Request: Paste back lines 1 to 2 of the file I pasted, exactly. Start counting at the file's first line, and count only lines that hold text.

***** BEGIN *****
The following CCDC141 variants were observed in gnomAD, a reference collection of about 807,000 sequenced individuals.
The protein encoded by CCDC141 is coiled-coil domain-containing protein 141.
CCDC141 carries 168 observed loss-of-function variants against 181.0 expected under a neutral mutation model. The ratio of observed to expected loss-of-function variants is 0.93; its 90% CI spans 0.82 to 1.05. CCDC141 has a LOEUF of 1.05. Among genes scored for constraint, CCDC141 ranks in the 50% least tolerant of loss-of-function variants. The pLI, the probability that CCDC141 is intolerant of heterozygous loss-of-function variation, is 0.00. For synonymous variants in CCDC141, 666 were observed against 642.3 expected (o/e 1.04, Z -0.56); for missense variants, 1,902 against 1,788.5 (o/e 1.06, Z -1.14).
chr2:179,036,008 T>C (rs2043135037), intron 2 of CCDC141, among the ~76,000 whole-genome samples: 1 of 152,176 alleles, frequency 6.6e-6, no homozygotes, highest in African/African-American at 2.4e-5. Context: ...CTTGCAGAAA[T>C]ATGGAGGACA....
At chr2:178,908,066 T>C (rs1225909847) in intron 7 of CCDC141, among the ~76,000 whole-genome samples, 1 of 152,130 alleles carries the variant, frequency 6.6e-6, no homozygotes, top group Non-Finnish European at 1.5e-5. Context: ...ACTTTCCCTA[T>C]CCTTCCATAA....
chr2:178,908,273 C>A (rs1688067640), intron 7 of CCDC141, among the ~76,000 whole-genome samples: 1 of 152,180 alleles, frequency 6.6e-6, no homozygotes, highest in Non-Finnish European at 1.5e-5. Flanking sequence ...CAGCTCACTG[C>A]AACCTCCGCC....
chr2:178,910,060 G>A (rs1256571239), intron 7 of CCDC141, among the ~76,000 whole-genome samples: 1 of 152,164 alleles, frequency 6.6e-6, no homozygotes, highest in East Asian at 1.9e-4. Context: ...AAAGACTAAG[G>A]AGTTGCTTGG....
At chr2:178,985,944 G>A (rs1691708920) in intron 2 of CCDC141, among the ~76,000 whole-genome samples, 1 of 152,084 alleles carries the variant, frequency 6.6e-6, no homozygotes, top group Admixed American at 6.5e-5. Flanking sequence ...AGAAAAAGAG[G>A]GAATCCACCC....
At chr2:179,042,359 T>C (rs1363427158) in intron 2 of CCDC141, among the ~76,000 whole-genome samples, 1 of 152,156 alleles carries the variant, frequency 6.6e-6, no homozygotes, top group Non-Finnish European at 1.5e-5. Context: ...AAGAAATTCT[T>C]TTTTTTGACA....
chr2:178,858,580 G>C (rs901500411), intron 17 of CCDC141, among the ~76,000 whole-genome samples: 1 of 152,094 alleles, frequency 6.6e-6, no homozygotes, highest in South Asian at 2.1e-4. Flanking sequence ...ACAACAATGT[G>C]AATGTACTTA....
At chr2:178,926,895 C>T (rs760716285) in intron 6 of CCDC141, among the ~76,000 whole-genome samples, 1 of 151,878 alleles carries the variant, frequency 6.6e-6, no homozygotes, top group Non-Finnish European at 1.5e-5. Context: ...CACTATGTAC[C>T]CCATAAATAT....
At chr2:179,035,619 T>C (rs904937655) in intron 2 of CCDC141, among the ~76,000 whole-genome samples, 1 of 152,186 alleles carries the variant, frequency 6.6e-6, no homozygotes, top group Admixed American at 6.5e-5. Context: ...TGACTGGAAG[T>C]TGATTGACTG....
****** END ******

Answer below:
The following CCDC141 variants were observed in gnomAD, a reference collection of about 807,000 sequenced individuals.
The protein encoded by CCDC141 is coiled-coil domain-containing protein 141.